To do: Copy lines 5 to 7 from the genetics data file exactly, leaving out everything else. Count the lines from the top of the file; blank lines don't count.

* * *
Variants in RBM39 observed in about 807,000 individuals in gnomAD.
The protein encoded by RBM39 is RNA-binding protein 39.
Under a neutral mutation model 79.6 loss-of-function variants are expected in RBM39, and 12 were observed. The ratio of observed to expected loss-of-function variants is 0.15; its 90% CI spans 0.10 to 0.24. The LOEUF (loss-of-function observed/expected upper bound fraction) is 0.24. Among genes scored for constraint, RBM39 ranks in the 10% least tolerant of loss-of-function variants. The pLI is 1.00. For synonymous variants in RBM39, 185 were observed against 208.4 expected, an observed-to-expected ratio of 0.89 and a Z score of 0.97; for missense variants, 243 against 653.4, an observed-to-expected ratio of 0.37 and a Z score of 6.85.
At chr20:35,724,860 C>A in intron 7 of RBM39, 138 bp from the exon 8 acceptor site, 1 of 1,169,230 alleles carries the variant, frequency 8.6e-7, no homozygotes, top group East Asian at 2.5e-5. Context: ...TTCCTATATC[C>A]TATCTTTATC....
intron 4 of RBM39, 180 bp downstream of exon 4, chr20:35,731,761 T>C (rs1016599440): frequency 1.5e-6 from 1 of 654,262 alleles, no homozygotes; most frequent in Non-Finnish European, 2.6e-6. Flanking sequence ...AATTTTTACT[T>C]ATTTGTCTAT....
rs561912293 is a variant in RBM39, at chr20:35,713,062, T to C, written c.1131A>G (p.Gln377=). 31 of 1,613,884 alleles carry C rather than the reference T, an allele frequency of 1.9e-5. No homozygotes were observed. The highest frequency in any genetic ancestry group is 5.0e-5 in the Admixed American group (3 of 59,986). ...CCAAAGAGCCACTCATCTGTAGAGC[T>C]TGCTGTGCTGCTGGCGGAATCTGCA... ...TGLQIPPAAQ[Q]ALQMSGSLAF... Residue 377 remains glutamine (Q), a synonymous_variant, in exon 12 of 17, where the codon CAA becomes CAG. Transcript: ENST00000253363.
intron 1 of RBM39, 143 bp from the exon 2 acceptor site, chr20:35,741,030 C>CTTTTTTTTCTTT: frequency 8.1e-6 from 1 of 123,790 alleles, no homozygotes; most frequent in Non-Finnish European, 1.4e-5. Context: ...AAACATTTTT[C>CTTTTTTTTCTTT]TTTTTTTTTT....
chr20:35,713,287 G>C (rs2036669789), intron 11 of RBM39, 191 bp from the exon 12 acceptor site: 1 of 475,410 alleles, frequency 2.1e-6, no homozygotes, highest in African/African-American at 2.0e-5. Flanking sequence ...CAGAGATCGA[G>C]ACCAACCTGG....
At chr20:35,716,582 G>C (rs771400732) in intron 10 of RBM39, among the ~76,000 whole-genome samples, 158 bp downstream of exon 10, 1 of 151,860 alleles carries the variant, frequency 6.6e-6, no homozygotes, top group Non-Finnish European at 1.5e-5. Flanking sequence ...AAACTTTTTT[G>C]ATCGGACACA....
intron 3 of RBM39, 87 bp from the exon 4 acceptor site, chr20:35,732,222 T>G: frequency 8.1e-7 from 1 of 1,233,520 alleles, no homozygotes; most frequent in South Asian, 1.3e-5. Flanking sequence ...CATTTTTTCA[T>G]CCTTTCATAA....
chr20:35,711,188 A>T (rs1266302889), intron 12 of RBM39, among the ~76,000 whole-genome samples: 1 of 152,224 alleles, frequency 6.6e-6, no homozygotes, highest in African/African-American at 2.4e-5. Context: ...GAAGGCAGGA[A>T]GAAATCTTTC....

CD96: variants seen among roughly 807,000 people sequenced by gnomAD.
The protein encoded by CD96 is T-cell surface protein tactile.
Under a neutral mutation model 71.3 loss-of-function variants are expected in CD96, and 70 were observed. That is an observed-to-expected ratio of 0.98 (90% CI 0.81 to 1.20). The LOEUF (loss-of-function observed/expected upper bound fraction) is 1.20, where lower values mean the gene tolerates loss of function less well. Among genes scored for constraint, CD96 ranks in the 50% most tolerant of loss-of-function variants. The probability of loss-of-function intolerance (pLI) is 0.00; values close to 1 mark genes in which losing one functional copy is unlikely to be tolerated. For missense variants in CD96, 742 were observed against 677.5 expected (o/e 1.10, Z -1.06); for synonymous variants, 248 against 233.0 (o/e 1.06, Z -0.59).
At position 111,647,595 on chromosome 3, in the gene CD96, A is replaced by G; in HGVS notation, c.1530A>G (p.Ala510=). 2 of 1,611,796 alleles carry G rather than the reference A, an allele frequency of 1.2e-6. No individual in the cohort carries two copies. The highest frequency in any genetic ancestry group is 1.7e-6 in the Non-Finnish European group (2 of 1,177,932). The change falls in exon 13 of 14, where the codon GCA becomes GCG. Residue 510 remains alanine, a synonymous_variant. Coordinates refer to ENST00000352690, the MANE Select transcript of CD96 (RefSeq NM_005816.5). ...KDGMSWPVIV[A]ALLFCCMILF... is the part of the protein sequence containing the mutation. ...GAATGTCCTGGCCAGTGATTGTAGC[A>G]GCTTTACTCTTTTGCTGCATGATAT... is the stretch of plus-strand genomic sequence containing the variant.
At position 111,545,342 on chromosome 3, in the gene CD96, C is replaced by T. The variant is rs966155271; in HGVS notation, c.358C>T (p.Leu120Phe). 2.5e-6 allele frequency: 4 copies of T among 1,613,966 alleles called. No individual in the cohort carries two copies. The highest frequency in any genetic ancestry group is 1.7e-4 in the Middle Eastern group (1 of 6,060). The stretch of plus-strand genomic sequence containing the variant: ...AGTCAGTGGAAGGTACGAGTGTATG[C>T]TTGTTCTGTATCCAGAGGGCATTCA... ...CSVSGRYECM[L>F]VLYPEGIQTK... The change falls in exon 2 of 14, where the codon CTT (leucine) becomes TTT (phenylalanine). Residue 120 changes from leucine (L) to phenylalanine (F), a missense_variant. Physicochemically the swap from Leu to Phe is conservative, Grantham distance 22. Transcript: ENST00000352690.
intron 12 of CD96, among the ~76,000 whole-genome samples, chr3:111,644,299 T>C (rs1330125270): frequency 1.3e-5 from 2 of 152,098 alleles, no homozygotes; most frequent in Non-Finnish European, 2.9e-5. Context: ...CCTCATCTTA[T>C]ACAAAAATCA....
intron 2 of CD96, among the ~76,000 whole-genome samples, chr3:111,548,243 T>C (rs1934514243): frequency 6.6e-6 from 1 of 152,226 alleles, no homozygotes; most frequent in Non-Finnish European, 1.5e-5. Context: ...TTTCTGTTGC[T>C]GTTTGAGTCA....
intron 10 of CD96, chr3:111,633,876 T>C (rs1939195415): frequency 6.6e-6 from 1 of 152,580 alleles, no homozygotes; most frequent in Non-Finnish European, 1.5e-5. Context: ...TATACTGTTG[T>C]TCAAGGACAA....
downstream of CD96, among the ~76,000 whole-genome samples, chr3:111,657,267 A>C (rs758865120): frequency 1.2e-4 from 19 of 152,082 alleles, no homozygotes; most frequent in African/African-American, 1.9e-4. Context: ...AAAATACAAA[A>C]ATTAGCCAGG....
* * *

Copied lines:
intron 4 of RBM39, 180 bp downstream of exon 4, chr20:35,731,761 T>C (rs1016599440): frequency 1.5e-6 from 1 of 654,262 alleles, no homozygotes; most frequent in Non-Finnish European, 2.6e-6. Flanking sequence ...AATTTTTACT[T>C]ATTTGTCTAT....
rs561912293 is a variant in RBM39, at chr20:35,713,062, T to C, written c.1131A>G (p.Gln377=). 31 of 1,613,884 alleles carry C rather than the reference T, an allele frequency of 1.9e-5. No homozygotes were observed. The highest frequency in any genetic ancestry group is 5.0e-5 in the Admixed American group (3 of 59,986). ...CCAAAGAGCCACTCATCTGTAGAGC[T>C]TGCTGTGCTGCTGGCGGAATCTGCA... ...TGLQIPPAAQ[Q]ALQMSGSLAF... Residue 377 remains glutamine (Q), a synonymous_variant, in exon 12 of 17, where the codon CAA becomes CAG. Transcript: ENST00000253363.
intron 1 of RBM39, 143 bp from the exon 2 acceptor site, chr20:35,741,030 C>CTTTTTTTTCTTT: frequency 8.1e-6 from 1 of 123,790 alleles, no homozygotes; most frequent in Non-Finnish European, 1.4e-5. Context: ...AAACATTTTT[C>CTTTTTTTTCTTT]TTTTTTTTTT....